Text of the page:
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Old 31st Jan 2023, 14:07
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212man....where do you think I got the idea from!
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Old 31st Jan 2023, 16:19
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Originally Posted by gipsymagpie View Post
if you don't get a reply on the appropriate frequency it does not mean you can go through.
Am I missing something here or have I just been lucky? Ive flown through dozens of ATZs without speaking to anyone on the ground. Called up on the notified frequency, no reply, so made blind calls about position, height and route etc and then cracked on through. Have I really been doing it wrong for many years or is this a recent(ish) change? JJ
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Old 31st Jan 2023, 16:36
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Am I missing something here or have I just been lucky? I’ve flown through dozens of ATZs without speaking to anyone on the ground. Called up on the notified frequency, no reply, so made blind calls about position, height and route etc and then cracked on through. Have I really been doing it wrong for many years or is this a recent(ish) change? JJ

I have also done the same for years

https://publicapps.caa.co.uk/docs/33...ersion%203.pdf

see page 66

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Old 1st Feb 2023, 03:05
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GypsyMagpie Your Links to the UK regulations and explanations have been very useful. Thank you
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Old 1st Feb 2023, 06:40
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Originally Posted by hargreaves99 View Post
I have also done the same for years

https://publicapps.caa.co.uk/docs/33...ersion%203.pdf

see page 66

That's the most lethal bit of rope I've ever seen the CAA lay out for someone to hang themselves upon. Rule 11 does not talk about ATSU being "active". It's the ATZ being active upon which the law is based. 99% of the time Skyway is 100% right but....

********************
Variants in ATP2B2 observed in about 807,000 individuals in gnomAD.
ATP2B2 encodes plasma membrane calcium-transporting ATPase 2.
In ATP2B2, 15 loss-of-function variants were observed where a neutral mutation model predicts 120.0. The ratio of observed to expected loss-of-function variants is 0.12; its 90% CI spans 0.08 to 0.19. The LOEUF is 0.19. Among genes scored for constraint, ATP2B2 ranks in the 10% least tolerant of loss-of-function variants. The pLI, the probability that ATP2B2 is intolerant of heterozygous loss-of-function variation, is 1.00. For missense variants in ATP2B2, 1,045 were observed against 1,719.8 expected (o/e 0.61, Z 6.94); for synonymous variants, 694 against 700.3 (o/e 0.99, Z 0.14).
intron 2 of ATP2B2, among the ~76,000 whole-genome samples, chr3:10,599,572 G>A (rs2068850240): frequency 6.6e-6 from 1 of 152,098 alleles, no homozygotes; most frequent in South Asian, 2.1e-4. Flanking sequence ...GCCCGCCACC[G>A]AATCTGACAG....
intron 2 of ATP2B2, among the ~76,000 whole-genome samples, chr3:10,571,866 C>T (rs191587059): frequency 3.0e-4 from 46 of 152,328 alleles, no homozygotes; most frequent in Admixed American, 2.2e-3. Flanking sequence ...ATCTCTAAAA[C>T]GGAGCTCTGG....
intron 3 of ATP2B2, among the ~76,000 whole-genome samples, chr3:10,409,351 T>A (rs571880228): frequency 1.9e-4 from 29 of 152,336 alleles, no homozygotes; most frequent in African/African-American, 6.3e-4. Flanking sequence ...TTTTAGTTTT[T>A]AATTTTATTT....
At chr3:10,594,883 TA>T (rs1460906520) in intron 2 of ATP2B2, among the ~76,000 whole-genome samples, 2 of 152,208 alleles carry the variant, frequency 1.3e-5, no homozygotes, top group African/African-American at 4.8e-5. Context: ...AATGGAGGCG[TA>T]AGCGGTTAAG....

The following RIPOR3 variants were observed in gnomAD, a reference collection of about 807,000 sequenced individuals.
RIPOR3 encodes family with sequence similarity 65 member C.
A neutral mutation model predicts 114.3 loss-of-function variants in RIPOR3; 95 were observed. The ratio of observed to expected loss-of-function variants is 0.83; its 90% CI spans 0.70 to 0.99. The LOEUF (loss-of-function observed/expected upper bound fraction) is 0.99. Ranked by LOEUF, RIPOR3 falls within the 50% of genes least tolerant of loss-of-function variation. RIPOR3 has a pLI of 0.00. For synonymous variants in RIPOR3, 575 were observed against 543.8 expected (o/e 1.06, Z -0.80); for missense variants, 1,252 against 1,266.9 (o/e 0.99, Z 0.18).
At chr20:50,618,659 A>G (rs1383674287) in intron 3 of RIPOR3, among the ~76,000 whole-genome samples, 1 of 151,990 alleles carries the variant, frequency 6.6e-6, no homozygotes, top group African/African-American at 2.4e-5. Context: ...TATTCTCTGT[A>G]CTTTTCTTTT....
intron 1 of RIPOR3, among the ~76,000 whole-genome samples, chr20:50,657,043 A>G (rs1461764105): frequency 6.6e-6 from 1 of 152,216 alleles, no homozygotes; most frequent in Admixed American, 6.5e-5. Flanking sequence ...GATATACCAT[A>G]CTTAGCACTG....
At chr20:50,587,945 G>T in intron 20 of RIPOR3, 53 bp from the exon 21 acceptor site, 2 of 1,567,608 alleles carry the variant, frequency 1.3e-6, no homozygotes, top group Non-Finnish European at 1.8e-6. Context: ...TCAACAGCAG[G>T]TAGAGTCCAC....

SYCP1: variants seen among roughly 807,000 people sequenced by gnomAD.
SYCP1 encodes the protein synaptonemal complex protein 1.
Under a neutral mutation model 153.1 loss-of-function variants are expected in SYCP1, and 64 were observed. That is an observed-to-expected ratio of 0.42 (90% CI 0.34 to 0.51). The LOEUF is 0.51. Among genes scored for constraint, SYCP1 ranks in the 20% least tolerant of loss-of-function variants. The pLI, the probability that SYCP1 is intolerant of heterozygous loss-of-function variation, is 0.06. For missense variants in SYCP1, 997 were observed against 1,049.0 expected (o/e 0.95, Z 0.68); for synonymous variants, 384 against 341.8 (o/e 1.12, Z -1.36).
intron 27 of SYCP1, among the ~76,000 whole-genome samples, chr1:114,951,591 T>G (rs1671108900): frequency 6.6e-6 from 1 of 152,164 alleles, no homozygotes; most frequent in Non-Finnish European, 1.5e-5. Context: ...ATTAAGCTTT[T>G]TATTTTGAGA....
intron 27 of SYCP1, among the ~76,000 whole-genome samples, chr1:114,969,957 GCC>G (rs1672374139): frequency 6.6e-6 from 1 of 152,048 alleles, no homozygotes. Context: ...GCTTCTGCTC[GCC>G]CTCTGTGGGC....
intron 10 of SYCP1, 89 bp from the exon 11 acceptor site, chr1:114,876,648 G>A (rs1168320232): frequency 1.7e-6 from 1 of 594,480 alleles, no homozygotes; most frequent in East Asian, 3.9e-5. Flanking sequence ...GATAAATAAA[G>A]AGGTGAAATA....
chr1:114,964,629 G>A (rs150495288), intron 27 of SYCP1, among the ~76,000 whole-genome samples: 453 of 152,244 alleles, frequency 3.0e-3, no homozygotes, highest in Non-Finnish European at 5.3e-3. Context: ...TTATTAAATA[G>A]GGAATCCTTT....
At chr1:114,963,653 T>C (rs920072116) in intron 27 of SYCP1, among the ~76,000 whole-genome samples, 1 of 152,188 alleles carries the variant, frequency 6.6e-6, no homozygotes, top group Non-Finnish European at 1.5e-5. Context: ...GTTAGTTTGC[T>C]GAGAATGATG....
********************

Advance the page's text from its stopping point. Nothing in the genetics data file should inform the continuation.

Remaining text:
Here's 2 examples:

Boscombe Down ATZ - hours of operation H24, has ATC (which isn't there all the time but it doesnt matter for Rule 11). Rule 11 states it applies during the hours of the ATZ (which is H24) and further states: "...(3) If the aerodrome has an air traffic control unit the commander must obtain the permission of that unit to enable the flight to be conducted safely within the aerodrome traffic zone.". So no matter whether ATC is actually in the tower you have to obtain permission. Which is impossible by radio since no one is there. You fly through it out of hours, you could be prosecuted. No matter what Skyway says.

Second example - Ternhill ATZ. Active by NoTAM. Has Shawbury ATC Freq next to it on the chart. On a weekend, pilot sees NoTAM calls up on Shawbury, hears nothing, flies through and bang - 4000 fine (and you'll never be an examiner of Form 4 holder). It turns out there's two possible frequencies for the same ATZ due to gliding taking place at weekends. (See CAA prosecutions here - CAA 2019)

It pays to not make assumptions with ATZ and take a little detour unless you've planned in detail. Unless you have 4000 to burn of course.

And Skyway needs a tweak - that section is just plain wrong. Email to the CAA in progress. If you look on the website you'll note there is already a correction to Skyway v3 because they got some rules wrong (transition altitudes). Skyway is good, but it's not perfect